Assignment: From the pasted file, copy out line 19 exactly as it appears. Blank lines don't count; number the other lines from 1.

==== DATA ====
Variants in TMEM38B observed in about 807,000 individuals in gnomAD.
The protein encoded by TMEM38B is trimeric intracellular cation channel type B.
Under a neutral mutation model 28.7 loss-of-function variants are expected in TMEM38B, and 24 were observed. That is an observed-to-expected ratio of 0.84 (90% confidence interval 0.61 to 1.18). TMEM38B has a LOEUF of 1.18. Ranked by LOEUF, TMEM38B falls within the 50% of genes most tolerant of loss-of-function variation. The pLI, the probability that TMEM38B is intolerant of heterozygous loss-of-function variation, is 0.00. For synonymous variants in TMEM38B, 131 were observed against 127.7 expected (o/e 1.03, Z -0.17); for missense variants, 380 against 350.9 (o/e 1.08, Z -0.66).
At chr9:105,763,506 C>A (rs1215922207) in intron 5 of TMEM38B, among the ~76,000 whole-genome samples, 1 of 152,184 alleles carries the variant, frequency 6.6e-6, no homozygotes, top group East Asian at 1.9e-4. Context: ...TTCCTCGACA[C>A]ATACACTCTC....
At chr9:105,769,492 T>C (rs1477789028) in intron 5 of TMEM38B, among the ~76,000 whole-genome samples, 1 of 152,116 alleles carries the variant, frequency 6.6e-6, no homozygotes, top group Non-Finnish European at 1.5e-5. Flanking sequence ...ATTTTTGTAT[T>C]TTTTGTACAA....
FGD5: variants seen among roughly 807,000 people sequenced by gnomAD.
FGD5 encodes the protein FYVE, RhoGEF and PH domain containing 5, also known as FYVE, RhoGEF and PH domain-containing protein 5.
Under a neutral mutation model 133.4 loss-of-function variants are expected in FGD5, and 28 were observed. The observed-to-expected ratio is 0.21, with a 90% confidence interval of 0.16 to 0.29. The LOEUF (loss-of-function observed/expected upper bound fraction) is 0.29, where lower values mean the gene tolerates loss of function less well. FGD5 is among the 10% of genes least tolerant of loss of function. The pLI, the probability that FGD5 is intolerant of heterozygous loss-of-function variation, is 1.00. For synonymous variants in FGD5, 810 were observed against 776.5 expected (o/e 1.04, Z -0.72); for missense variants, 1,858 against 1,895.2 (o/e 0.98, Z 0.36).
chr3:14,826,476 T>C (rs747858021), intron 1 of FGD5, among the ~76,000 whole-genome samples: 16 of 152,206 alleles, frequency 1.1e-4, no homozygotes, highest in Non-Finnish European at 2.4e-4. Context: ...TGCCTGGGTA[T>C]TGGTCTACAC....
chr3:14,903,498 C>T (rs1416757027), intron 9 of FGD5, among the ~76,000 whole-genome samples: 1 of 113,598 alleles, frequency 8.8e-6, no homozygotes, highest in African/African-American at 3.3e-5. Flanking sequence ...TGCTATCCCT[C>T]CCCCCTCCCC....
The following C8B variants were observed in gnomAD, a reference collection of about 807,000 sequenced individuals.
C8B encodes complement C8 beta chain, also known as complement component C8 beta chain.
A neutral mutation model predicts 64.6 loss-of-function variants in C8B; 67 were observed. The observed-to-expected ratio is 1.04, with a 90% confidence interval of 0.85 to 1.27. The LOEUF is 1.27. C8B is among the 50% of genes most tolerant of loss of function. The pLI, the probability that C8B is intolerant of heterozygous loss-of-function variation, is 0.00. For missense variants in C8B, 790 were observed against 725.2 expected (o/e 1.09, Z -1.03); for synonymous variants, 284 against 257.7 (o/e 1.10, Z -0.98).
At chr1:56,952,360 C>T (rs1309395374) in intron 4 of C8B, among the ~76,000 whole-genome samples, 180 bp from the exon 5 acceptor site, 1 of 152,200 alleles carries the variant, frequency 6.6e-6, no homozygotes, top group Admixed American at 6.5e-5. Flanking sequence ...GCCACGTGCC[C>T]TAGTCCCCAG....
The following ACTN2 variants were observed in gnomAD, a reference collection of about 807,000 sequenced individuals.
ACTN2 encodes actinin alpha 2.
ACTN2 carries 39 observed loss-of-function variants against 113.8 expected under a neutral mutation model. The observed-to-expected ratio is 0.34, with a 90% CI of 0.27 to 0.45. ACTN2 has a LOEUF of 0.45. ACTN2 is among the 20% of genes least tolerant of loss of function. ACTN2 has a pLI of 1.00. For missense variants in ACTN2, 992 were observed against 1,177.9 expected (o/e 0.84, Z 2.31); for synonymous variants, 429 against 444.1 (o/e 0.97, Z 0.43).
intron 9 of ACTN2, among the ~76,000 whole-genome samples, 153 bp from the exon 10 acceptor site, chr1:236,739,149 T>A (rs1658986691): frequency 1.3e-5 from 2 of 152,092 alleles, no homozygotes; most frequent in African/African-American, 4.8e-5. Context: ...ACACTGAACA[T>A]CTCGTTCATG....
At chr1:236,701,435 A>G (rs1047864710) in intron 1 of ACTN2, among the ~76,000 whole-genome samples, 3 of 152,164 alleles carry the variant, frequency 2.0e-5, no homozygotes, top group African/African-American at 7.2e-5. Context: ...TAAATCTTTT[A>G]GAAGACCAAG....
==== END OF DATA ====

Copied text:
At chr1:236,701,435 A>G (rs1047864710) in intron 1 of ACTN2, among the ~76,000 whole-genome samples, 3 of 152,164 alleles carry the variant, frequency 2.0e-5, no homozygotes, top group African/African-American at 7.2e-5. Context: ...TAAATCTTTT[A>G]GAAGACCAAG....